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AIR puts Typhoon Hagibis insured loss at up to USD 16 billion

22nd October 2019 - Author: Luke Gallin

Global catastrophe risk modeller AIR Worldwide has provided an industry insured loss estimate of between USD 8 billion (JPY 865bn) and USD 16 billion (JPY 1,730bn) from Typhoon Hagibis, which made landfall in Japan on October 12th, 2019.

nagano-flood-typhoon-hagibis

Image from Kyodo agency (via Japan Today)

According to AIR, typhoon Hagibis made landfall along Japan’s east coast as an equivalent category 1 hurricane on the evening of Saturday the 12th of October, with 1-minute sustained wind speeds of around 145 km/h (90mp/h).

The storm carried high winds and delivered record-breaking precipitation to a large portion of Honshu from Mie Prefecture in the west to Iwate in the north. AIR notes that storm surge elevated sea levels by more than 1 meter above mean sea level along parts of the Japanese coastline.

AIR, a Verisk business, has now said that the event could drive insurance and reinsurance industry losses as high as USD 16 billion, adding that more than 50% of the losses are a result of inland flooding.

At the mid-point of AIR’s insured loss estimate range, the industry can expect losses of approximately USD 12 billion, which is in line with some analysts’ views that Hagibis could cost more than Typhoon Faxai, which has been estimated to be as high as USD 9 billion.

Insured losses of USD 9 billion for Faxia and USD 12 billion for Hagibis would see the two events become more costly than the combined impacts of Jebi and Trami in 2018, which currently sits at around USD 18 billion.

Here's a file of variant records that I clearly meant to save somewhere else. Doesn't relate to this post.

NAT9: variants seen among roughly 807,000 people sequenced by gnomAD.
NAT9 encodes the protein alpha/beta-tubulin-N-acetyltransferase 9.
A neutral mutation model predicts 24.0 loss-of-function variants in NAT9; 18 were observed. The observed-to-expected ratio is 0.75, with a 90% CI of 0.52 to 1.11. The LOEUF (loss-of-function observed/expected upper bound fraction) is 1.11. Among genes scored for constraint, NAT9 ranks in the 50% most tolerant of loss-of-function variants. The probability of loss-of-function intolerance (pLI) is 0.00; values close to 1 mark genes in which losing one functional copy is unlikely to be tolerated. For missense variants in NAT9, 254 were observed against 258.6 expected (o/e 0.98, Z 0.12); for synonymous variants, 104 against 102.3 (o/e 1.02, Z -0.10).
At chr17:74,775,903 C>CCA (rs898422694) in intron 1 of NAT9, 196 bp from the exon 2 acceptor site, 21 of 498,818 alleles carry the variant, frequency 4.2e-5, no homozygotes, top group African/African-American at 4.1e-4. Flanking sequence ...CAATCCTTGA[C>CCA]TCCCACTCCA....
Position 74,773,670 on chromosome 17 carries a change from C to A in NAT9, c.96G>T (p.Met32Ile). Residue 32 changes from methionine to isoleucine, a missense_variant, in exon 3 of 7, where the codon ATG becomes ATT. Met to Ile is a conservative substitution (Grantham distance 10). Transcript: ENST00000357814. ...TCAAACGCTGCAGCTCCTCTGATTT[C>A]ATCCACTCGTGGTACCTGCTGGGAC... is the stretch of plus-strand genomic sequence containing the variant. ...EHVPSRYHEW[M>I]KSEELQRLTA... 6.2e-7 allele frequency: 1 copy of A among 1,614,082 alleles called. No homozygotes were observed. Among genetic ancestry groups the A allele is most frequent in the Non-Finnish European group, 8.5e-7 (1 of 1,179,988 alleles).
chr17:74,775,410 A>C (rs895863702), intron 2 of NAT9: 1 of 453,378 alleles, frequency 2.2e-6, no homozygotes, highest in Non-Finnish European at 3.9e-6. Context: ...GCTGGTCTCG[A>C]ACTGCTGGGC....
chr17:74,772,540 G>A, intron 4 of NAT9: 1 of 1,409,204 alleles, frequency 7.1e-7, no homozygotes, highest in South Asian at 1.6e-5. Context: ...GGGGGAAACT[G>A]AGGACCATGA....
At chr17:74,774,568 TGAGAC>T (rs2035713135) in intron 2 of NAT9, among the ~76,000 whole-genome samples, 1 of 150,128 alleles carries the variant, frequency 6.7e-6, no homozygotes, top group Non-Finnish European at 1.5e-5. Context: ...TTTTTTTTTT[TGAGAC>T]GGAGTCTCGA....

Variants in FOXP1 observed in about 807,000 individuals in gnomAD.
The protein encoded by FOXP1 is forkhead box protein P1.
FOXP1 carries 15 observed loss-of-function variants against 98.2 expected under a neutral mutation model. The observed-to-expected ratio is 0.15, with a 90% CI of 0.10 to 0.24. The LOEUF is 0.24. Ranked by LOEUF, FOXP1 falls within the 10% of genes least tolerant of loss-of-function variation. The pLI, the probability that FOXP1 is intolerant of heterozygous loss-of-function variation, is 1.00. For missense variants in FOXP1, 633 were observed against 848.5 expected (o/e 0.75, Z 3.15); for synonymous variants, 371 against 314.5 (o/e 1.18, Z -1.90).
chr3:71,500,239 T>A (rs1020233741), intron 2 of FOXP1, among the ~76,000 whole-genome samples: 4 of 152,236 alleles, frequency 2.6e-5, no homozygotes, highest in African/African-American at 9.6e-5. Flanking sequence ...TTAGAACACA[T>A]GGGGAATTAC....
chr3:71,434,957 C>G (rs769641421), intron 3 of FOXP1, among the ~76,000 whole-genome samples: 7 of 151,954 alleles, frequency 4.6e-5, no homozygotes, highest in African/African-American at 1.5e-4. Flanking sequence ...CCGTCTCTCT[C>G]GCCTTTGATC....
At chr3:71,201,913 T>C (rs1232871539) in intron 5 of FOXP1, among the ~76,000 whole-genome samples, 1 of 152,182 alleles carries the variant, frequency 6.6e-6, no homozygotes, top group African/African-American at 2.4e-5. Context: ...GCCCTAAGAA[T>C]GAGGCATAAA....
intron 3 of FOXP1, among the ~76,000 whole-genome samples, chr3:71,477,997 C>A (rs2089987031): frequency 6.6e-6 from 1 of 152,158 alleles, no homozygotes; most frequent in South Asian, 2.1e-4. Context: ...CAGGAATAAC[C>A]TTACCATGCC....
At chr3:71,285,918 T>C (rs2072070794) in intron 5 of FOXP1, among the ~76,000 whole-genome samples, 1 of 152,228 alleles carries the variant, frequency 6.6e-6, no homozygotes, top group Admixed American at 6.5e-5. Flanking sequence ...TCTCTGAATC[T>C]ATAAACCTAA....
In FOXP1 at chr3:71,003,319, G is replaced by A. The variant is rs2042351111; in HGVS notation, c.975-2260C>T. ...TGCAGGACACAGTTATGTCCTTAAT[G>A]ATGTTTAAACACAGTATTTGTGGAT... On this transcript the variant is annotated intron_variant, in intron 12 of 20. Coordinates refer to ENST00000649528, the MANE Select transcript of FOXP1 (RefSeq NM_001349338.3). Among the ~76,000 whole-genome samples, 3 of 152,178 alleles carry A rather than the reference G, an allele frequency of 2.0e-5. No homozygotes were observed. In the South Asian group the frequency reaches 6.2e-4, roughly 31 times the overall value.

As noted by AIR, more than half of the insured losses from Hagibis are a result of inland flooding. During the event, the Japan Meteorological Agency issued its highest level (level 5) special warning for heavy rain, which was unsurprisingly followed by unprecedented levels of rainfall. Many parts of the country experienced between 30% and 40% of their annual rainfall in just two days, with over 100 stations breaking daily rainfall records.

According to AIR, some 540 river gauging stations exist on Honshu island, and more than 85 of these exceeded their 100-year return period peak flows, with more than 100 exceeding their historical records.

AIR’s modelled insured loss estimates include insured damage to property (residential, commercial, industrial, agricultural/mutual), structures and their contents, and also extra expenses and debris removal, and automobile from wind, storm surge, and inland flood.

AIR’s modelled insured loss estimates do not include landslide, losses from tornado or earthquake, losses to land, losses to infrastructure, losses to CAR/EAR, marine hull, or marine cargo lines, BI losses, LAE, or demand surge/the increase in the cost of materials.

“Because of the intense rainfall within a short time period, much of the floodwater has a high mud content and includes a large amount of debris; this could potentially increase the costs of repair and cleanup and drive up business interruption losses—especially for commercial and industrial properties.

“In addition, Hagibis impacted some of the same region damaged by Typhoon Faxai a few weeks earlier. Additional damage caused by Hagibis to properties that were damaged by Faxai but were not repaired would further complicate claims settlements,” says AIR.

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